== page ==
Archive for the ‘Content’ Category
Full vs partial RSS feed is an old debate. I understand that a site needs to accumulate page views and ad impressions to pay for bandwidth. Now, Digg’s RSS feed and Slashdot’s RSS feed – both these sites don’t have much original content apart from the story comments. (Reading Slashdot comments is fun, even a few trolls. Digg comments OTOH are invariably retarded). These sites are not obliged to put all “their” content in RSS feeds, and may be that’s just me, but throwing an external link or two won’t hurt the click-through much and they can always put ads in feed.
“In Rainbows,” a new record album from an English band Radiohead, has challenged the traditional music sales model by allowing listeners to determine the price they are willing to pay for the album which is available for download on its website.
Figures coming out from comScore – an internet marketing research company – 38% paying an average of about $6 seem much more realistic than the numbers floated earlier – average price between $5 and $8 for 1.2 million downloads.
I’m one of those 62%. Radiohead’s music is decent but not my taste. But, had the album not been available for download, I wouldn’t even have heard of them or their music. Moreover, they probably made much more money from these downloads than they could ever make from regular album release.
After all, these days everything comes with a 2.0 tag :-).
The Citizendium (sit-ih-ZEN-dee-um), a “citizens’ compendium of everything,” will be an experimental new wiki project that combines public participation with gentle expert guidance.
It will begin life as a “progressive fork” of Wikipedia.
That means – to begin with it’ll have all the wikepedia articles, and then people start making changes to articles in the Citizendium.
Although intentions (without any comments on enmity between wikipedia co-founders Jimbo Wales and Larry Sanger) and direction looks right for Citizendium; yet it’s very difficult for any new project to gain the critical mass, the success like Wikipedia. IMO, number of trolls you get is one quantifiable/definite meassure of popularity. And even though wikipedia model is arguably flawed, it has proven to be good enough so far.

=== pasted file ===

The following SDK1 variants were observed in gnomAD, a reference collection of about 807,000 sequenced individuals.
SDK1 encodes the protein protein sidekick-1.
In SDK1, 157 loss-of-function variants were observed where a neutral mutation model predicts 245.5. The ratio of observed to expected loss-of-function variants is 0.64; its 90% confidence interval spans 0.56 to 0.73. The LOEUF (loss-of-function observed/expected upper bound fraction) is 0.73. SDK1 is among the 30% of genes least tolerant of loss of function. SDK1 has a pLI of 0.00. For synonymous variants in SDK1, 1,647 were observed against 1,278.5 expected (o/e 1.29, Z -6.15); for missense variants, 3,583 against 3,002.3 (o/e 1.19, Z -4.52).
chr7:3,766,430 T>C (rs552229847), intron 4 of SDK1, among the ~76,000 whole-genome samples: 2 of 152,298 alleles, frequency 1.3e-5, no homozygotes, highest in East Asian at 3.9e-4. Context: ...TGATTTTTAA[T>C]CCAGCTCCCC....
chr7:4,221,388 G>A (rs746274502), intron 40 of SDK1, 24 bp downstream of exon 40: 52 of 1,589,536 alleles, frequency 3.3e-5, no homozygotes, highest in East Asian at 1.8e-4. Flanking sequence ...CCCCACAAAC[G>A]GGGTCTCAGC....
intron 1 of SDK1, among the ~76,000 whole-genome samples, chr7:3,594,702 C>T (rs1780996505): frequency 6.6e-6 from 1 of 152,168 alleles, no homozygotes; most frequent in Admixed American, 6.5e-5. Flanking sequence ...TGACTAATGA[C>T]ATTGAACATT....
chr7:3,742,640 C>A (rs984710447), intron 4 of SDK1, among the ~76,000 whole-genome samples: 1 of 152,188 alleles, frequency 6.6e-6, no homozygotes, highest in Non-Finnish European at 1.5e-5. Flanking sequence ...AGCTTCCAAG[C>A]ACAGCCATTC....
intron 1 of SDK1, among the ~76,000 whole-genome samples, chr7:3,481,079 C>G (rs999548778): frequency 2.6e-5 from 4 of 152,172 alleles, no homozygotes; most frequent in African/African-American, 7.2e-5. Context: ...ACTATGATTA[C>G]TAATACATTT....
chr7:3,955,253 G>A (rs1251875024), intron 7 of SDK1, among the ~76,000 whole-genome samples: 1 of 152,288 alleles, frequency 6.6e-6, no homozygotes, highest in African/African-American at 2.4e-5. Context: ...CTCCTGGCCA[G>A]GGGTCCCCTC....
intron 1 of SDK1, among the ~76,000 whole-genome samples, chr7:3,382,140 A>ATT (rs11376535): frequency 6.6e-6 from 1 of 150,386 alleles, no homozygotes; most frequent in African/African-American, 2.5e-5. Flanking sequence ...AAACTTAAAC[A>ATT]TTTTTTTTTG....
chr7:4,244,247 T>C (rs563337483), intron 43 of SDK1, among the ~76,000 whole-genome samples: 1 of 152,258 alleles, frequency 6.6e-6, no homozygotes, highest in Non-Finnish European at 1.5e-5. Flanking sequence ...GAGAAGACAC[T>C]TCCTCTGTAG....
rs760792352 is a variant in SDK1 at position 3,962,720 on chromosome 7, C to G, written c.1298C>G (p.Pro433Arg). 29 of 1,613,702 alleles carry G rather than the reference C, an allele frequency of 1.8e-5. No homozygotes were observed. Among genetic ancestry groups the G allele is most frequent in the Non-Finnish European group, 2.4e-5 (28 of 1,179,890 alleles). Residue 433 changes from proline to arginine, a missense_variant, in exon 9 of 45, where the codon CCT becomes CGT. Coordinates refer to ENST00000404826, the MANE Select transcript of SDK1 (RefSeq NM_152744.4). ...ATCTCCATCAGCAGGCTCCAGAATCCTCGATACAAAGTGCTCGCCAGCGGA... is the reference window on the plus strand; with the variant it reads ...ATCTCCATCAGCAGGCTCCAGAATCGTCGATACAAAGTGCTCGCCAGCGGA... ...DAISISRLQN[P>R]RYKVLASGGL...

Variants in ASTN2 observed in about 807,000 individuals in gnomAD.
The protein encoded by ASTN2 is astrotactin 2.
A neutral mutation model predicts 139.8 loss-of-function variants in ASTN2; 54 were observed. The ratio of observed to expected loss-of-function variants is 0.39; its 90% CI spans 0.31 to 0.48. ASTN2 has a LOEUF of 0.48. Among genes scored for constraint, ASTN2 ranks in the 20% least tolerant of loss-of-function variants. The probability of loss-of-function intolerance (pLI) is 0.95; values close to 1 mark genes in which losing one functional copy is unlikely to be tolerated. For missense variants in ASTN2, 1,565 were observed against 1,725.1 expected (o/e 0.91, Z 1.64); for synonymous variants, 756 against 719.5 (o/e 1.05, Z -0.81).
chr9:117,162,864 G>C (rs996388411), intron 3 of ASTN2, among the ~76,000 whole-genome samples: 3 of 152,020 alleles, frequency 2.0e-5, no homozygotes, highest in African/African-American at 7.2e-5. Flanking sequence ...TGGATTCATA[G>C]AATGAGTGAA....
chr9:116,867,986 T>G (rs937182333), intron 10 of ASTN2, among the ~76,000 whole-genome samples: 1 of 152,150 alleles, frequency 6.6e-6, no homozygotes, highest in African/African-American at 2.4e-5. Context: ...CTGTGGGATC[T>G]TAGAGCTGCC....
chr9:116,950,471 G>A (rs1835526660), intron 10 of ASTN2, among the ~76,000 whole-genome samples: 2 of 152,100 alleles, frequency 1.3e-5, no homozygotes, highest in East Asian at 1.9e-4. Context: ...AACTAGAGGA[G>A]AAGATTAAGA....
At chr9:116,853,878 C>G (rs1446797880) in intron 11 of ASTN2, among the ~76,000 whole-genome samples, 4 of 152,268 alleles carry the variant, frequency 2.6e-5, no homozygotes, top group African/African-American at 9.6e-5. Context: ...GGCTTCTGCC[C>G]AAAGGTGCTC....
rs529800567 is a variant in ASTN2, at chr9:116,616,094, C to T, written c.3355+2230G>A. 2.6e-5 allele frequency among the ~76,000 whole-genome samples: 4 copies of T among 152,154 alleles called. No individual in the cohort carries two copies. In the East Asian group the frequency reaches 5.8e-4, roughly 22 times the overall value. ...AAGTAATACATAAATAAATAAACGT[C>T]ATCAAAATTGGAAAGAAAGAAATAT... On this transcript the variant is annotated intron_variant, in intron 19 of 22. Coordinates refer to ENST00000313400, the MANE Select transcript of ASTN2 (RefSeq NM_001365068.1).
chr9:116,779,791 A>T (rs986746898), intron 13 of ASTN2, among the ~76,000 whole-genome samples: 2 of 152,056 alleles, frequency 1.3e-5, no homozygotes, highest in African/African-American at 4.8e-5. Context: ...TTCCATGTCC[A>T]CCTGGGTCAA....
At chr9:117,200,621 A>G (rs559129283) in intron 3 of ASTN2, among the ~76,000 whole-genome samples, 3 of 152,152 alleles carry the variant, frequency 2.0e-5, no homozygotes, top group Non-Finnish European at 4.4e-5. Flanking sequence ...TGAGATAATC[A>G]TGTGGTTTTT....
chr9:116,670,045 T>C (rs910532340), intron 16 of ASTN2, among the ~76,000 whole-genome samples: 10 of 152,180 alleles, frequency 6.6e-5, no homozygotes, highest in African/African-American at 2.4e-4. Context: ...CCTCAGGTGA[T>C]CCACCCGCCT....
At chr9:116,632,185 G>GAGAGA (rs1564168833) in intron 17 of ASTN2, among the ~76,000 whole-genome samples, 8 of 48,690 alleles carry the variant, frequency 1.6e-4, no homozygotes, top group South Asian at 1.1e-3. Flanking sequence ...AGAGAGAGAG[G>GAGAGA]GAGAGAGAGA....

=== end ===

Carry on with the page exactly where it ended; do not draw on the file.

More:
Not that I was ever able to have bookmarking icons here, as this blog is hosted on wordpress.org with limited customization capabilities. I still want to present a case against having them. This one borrows generously from a comment that I recently encountered. With all due credit to ssp, here it goes after my editing/formatting-
wouldn’t you agree that having half a dozen ‘witty’ web 2 icons on your site
- makes it uglier,
- alienates people who don’t understand half of them,
- suggests you’re a bit of a web sucker who can’t wait for his 15 seconds of web 2 fame,
- insults the people viewing your pages by suggesting that
- they are web 2 suckers as well who would put some ramble up on a bookmarking site and that
- despite being web 2 suckers they’re too stupid to have a bookmarklet (or other technique) for the one service they actually use handy?
Or just show me the data which show a benefit of having those icons for a page being bookmarked. And, IMNSHO more relevantly, whether this benefit applies to good/helpful pages in the same extent as to meaningless/not-so-helpful pages.
I would never in my life could say it better. But exactly my thoughts. Perhaps there is a reason why Techcrunch doesn’t have them. I would be disappointed if it does.
Google Video now allows you to link straight to a specific part of a video by appending e.g. #1m35s to the video URL.
This is what I wrote last week-
I have to download/stream the entire piece just to get to the interesting part somebody mentioned/linked. How about the ability to generate a permalink to particular portion of the podcast/vlog content– just like quoting text from a blog?
Damn! I should have asked for something else that day 😀
I just wanted to list some general observations from the perspective of a consumer (and not a creator).
- Size: Sample this – a 5 min rocketboom show (a new found thing for me, after all that brouhaha) the file size amounts to ~28mb. That’s just insane. Too much of a hassle. My bandwidth is precious. Why doesn’t everyone use divX/xVid compression along with all other formats just for sake of choice? Or flash maybe. Audio formats are little better placed, but still!
- Linking: I have to download/stream the entire piece just to get to the interesting part somebody mentioned/linked. How about the ability to generate a permalink to particular portion of the podcast/vlog content– just like quoting text from a blog?
- Transcripts/Summaries: Availability in alternate formats is usually non-existent. Though I understand that each format is unique and all the subtleties and nuances are impossible to incorporate. *rolls eyes* (Watch Jumanji with subtitles :-))
- Tagging/Commenting: I have been somewhat irregular/occasional subscriber to Geek News Central, TalkCrunch, Morning Coffee Notes and FuzzyBlog over the last year or so, and I use iTunes to manage my podcasts. I can’t tag or comment an episode for later reference and have to depend upon the provided description, which is again – not searchable.
- has been widely adopted already,
- has become synonymous to content syndication, and
- is more evolutionary than anything else out there.
I’m too naive to take a stand, but RSS just works.